Tuesday, 16 March 2021

REVIEW: Ada Campe: Unexpectedly Cheerful at the Phoenix Arts Club (Online)

It has been a year since the first lockdown shook up our lives and produced the most surreal 365 days, I for one, have ever experienced. This (temporary) reality we have been forced into has mandated we adapt to unimaginable novel conditions and that human contact transform into a virtual concept. For some, the choice has been to ride out the storm quietly in solitude but, if you expect a global pandemic to keep a cabaret down, think again! 

The Phenix Arts Club, known for entertaining entertainers, is the definition of a London theatre institution steeped in history and renowned for welcoming in the who's who of the West End and up and coming performers alike. The journey through its side street doors and down its dark stairs to discover an array of weird and wonderful entertainment has been sorely missed by many during this strange time so to combat this separation anxiety, ONLINE from the Phoenix Arts Club has been launched on Friday nights. Streaming in HD from February 26th, this series brings some of Londons most beloved verity acts into your home completely live.

On Friday, March 12th, I sat down in my living room in my housecoat with my Mexican dinner (a far cry from an actual night out at the Pheonix but, it is what it is) to the multi-talented Naomi Paxton as Ada Campe in Unexpectedly Cheerful. Ada Campe is a flamboyantly dressed, seasoned and well-spoken woman with just the right amount of crudeness mixed in and it is clear Paxton relishes playing this character. Together with ventriloquist Max Fulham, pianist Sarah Bodalbhai and Ada’s kiwi fruit counterpart Cycloptic Janet, they have created a cabaret for the times, whimsical and surreal. As a first-time audience member of Ada Campe, I feel like she is essentially the perfect manifestation of the lockdown psyche. Eccentric, nostalgic, doesn’t make complete sense and has learnt to laugh at its own jokes because let's face it no one else is around to.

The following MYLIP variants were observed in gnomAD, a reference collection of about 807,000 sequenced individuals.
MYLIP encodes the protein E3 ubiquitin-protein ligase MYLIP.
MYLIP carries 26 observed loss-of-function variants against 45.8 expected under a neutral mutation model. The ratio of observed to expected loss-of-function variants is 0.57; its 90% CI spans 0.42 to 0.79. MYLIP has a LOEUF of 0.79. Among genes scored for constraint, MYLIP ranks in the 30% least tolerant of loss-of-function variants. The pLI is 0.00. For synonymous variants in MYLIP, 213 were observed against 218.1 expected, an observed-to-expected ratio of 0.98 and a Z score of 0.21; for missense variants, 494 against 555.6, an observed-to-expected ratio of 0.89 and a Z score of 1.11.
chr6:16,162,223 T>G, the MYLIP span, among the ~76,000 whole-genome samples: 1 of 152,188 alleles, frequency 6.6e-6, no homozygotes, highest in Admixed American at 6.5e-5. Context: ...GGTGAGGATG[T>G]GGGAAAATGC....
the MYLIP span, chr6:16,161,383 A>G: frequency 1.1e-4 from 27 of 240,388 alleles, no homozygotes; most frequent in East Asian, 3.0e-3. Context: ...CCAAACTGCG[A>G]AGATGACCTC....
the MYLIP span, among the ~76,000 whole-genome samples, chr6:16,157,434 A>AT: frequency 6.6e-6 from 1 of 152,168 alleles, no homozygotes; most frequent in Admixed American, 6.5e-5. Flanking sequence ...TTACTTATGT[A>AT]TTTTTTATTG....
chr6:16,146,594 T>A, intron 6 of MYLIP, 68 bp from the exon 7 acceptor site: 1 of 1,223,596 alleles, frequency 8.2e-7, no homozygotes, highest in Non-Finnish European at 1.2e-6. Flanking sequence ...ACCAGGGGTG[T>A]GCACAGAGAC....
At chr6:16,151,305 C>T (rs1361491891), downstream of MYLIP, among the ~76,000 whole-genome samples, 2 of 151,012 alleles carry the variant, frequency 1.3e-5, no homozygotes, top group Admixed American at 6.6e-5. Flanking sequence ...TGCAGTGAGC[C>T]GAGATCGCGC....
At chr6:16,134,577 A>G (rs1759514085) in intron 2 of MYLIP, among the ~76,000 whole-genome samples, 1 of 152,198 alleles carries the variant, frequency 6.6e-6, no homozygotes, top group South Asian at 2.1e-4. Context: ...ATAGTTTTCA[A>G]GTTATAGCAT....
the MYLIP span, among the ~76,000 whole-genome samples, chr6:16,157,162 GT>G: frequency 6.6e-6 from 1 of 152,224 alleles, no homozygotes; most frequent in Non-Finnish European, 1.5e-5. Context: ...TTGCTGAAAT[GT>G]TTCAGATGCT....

You have to enter this experience with a certain level of acceptance when considering the nature of cabaret does not traditionally lend itself to an online, audience-less room. When a joke's set up in this format, the pay off is silence. Perhaps uncomfortable at first, intriguingly, within this silence normally reserved for banter, drunken laughter and the buzzing energy of a club, I found myself spiralling into the warped madness of Ada Campe in its raw form. Without an audience to help steer her material, it becomes hers alone to do with it as she wishes and does so with commitment. As I tried desperately to hold on during the rambling of her stories in a raspy RP, I had to give up and just let go. 

Within the absurdity of the performance, there are still many hooks to keep it relatable, particularly regarding the lockdown experience. Some are a little tired at this end of the pandemic, but others hit the nail on the head. Let's just say when she sings about her cat with such passion, I feel seen!

A highlight of the evening is ventriloquist Max Fulham, a performer to keep your eye on for sure! Fulham offers a unique slapstick take on ventriloquism. The rhythm, pacing and control he has over his craft are effortless and a welcome surprise. 

An element of the production slightly frustrating is the comments that periodically pop up at the bottom of the screen. In one way it is nice to connect to the other viewers but for the most part, they are distracting.

This digital connection to the world will be a part of our lives for a while to come but this does not mean live theatre should not be. While many theatres sit patiently for more amicable times, I am a big supporter of the impatience venues such as The Pheonix Arts Club have to get back out there. Art is about challenging what we know and a reflection of the times. Ada Campe Unexpectedly cheerful is a reflection of the madness we have all been living in.

Review by Stephanie Osztreicher

Rating: ★★★

Seat: Online | Price of Ticket: £10
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